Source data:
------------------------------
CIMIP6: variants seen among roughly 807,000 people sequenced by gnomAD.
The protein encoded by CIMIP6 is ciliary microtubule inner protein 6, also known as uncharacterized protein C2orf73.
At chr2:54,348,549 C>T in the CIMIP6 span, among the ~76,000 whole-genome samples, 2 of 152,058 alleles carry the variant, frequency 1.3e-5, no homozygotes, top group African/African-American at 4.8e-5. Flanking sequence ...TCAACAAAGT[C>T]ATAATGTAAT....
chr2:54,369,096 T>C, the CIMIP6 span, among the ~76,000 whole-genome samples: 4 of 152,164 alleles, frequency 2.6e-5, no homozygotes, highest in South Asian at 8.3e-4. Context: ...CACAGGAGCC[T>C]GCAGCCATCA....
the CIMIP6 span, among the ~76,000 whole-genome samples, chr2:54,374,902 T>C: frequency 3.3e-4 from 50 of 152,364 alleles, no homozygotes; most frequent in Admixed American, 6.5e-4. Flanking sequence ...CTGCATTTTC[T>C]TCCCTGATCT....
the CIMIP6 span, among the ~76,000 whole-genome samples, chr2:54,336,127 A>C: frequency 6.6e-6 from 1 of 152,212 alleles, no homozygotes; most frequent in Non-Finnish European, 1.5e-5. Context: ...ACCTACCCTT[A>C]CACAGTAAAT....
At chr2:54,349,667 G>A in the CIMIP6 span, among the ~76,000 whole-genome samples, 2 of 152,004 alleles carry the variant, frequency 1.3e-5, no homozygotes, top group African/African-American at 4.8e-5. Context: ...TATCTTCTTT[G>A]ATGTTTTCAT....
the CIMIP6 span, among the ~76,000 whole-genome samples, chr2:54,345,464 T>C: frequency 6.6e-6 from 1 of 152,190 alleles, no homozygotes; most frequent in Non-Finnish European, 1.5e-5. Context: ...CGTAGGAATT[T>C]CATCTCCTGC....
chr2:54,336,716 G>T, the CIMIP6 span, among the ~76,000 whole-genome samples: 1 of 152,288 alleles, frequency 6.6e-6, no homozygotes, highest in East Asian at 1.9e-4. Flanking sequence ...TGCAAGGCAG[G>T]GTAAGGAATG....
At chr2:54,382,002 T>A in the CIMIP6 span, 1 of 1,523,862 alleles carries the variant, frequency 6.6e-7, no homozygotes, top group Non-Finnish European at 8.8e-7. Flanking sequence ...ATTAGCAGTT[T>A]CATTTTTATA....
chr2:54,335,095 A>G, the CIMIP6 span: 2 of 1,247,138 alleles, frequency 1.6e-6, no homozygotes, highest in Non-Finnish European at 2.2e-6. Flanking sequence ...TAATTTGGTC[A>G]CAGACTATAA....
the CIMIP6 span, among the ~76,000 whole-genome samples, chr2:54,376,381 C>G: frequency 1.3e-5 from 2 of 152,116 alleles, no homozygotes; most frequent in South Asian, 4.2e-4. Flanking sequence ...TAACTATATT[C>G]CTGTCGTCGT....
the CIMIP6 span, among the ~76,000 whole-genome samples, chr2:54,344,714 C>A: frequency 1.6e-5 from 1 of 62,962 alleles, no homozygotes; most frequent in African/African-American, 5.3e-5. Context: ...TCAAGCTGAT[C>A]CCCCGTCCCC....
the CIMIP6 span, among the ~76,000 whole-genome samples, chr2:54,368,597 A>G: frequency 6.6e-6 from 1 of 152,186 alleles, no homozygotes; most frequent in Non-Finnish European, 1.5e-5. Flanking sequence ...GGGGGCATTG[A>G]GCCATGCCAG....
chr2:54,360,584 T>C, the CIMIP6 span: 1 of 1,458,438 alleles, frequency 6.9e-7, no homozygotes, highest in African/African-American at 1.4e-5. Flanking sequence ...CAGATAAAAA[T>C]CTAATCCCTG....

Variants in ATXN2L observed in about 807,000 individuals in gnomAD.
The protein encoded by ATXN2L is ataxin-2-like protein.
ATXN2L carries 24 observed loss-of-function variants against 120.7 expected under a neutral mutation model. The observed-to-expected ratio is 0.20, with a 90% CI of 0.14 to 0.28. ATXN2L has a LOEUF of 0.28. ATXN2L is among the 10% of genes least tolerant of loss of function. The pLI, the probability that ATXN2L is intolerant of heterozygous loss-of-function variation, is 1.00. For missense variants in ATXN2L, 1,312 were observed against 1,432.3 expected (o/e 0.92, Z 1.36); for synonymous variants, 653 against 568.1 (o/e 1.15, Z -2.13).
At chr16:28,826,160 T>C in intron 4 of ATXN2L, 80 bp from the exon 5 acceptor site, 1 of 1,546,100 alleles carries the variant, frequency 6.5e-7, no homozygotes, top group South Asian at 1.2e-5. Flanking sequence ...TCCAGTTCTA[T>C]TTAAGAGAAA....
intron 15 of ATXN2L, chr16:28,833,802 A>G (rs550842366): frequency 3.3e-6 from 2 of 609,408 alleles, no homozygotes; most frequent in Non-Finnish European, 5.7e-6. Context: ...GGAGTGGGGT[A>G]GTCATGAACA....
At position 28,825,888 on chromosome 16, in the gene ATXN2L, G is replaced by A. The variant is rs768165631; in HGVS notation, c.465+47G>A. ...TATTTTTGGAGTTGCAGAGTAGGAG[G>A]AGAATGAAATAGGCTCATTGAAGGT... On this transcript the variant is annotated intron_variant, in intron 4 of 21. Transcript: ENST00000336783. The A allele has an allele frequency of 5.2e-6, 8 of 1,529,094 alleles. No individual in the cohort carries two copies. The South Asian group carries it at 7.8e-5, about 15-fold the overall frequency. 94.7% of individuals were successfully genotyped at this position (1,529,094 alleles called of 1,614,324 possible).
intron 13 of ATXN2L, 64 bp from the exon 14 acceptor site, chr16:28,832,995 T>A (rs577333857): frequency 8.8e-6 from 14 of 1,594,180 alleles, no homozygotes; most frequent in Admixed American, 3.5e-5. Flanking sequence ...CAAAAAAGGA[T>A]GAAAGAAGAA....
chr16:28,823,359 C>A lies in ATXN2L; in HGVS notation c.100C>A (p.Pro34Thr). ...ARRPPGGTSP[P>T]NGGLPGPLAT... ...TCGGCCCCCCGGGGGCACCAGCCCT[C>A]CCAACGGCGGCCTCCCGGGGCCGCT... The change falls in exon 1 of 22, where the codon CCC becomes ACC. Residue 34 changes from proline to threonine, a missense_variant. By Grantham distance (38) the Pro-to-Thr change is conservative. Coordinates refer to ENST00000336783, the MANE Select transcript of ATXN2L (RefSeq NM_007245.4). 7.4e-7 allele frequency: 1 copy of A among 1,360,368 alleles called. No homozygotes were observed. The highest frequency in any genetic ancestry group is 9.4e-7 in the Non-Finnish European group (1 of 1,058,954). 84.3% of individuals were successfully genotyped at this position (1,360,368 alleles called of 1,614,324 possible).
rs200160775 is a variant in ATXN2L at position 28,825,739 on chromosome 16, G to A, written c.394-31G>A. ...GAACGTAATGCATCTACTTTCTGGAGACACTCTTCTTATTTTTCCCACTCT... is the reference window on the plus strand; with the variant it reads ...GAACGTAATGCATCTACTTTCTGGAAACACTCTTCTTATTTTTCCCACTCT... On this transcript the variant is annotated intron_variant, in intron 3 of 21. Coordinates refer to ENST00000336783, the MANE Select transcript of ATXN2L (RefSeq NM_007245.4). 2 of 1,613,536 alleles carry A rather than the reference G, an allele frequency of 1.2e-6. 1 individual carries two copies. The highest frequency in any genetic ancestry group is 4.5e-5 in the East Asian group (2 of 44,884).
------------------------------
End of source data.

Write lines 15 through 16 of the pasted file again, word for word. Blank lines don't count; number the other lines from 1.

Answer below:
chr2:54,360,584 T>C, the CIMIP6 span: 1 of 1,458,438 alleles, frequency 6.9e-7, no homozygotes, highest in African/African-American at 1.4e-5. Flanking sequence ...CAGATAAAAA[T>C]CTAATCCCTG....

Variants in ATXN2L observed in about 807,000 individuals in gnomAD.